thanks for your questions, I think you raised some interesting points on networking.
All in all, the questions you ask a consultant in a business environment pre interview should ideally respect the following:
- You are genuinely curious about the topic
- The question will help the consultant to remember you positively and provide a referral in the application process.
Given the previous points, I would suggest not to ask if there is a way for someone to know if consulting is not for him/her. If I were the interviewer, I would think you are not 100% sure about consulting, and that’s why you are asking. Although this may actually be the case, it may be better not to risk having the person that may refer you to think so, as it may decrease the chance for a referral. In short, this may not satisfy point 2 above.
I would also try not to ask questions that would put the topic of the discussion on “bad experiences”, such as to be scared to give the wrong suggestion to a client. While the question is interesting, this may bring the conversation on experiences unpleasant to remember; thus, I would rather ask this question to a friend you have in consulting or on the PrepLounge forum. In short, this may also not satisfy point 2 above.
Which are then the questions to you may ask that will satisfy point 2 and help you to be remembered positively? In general terms, the questions would have to respect the following:
- You should not find the answers on Google, as Guennael correctly pointed out,
- The questions should be related to personal experiences interesting for the consultant, ideally making him/her feeling important; this is the easiest way to have him/her to remember you positively.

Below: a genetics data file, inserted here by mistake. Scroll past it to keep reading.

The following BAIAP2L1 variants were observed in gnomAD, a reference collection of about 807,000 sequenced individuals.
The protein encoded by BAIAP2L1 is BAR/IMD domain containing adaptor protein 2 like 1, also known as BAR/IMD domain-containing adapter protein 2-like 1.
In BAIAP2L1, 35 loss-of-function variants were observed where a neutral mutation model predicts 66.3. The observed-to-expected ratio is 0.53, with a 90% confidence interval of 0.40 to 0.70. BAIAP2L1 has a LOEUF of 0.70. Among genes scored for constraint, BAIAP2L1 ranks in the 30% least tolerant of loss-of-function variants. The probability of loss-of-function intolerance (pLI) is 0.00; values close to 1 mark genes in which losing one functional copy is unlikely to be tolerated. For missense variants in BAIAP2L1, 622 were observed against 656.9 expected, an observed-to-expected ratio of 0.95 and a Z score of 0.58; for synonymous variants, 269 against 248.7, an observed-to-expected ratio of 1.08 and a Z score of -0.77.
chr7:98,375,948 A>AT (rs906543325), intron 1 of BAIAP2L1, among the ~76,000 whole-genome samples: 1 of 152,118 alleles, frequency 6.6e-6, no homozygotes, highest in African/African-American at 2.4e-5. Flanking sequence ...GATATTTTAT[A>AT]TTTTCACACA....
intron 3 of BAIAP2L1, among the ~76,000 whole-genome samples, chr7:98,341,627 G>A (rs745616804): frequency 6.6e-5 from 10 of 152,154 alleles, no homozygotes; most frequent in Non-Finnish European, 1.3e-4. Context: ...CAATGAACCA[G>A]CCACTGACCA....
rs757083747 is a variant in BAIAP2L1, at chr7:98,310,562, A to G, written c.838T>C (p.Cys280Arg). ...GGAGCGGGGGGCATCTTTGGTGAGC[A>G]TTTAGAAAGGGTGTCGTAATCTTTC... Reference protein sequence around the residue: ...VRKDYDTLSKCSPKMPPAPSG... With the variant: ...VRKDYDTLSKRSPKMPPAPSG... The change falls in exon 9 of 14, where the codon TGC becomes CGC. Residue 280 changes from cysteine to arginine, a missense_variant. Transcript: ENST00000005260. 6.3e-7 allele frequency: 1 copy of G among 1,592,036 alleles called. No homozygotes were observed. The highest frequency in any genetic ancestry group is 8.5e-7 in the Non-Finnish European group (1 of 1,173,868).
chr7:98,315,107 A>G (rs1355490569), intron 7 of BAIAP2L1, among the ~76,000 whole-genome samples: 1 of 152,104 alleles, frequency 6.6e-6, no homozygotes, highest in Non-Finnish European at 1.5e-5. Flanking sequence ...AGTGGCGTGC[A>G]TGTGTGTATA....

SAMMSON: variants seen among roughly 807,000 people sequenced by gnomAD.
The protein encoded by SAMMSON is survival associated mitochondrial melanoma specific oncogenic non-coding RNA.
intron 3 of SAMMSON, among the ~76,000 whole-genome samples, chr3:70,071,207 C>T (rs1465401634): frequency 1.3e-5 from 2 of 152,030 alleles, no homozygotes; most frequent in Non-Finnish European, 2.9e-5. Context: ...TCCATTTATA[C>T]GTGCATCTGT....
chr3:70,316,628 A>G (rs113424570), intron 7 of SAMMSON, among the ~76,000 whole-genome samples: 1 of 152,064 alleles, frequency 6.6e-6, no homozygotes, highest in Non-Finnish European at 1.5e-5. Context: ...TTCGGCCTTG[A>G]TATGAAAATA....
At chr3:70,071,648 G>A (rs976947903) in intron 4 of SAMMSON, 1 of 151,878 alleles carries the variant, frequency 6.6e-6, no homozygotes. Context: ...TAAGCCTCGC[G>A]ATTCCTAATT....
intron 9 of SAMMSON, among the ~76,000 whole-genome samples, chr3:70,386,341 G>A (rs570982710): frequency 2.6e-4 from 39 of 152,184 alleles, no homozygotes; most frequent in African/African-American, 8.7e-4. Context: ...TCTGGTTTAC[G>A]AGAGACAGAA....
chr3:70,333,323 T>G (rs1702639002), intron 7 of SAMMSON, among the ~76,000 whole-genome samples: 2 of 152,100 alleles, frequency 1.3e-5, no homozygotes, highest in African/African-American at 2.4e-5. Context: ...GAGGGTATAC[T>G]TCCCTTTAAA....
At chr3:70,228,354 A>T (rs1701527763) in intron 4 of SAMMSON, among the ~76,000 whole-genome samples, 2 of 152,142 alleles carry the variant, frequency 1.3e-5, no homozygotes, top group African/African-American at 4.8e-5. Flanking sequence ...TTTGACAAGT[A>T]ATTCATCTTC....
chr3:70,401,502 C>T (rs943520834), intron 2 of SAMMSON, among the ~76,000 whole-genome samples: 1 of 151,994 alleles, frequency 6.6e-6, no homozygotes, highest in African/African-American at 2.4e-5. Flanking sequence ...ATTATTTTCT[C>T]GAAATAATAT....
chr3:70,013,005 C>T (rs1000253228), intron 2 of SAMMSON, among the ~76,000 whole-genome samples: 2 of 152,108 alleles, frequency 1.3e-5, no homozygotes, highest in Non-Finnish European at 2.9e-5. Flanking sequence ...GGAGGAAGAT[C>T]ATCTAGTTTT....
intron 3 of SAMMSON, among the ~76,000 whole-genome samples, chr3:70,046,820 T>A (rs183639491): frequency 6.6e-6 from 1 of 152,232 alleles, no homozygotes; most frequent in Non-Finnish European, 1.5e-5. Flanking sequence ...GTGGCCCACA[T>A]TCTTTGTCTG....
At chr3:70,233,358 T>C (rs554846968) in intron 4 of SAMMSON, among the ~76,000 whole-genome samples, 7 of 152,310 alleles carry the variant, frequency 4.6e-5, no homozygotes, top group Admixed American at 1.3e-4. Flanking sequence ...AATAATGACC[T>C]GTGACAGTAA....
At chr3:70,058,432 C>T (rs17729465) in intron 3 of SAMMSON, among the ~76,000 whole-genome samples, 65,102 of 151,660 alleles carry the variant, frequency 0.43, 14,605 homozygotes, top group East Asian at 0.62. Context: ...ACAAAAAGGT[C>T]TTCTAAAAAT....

- The questions should help you to understand better the core values of the company; this will help you to understand if that company is indeed a good fit for you.
Average question: Satisfies A
I know you covered a lot Oil and Gas projects, which areas will BCG focus on in the next years?
--> This helps you to cover a point interesting for you, but probably not extremely interesting for the interviewer, since you are talking about the company, and not about a personal experience of the consultant.
Good question: Satisfies A and B
What do you think is the most important thing that helped you to have the career you had at BCG?
--> This allows the consultant to talk about positive personal experiences interesting for them
Very good question: Satisfies A, B and C
What is the thing you are most proud of that you did while at BCG?
--> This will not only allow the consultant to express a positive personal experience, but also to know what are his or her values. Remember that if you spend enough time in that company, you will absorb those values and you have to understand if that would be fine for you.
On your other points:
- I would bring a tie in the internal pocket of the jacket, just in case. In this way, if you find everyone is wearing one, you will not appear too informal
- It’s ok if you do not have business cards; the goal of the evening for you should be to have a consultant you meet to like you and to be willing to refer you, and while business cards may be useful they are not strictly necessary. In particular, as you may know, there is a specific list of steps to follow to receive a referral when you talk with a consultant, and ideally you should not ask for the referral directly. The steps would include (i) breaking the ice in the right way (ii) creating a connection with the interviewer and (iii) closing with an indirect request for referral. Please let me know if you have further questions on the topic.
Hope this helps.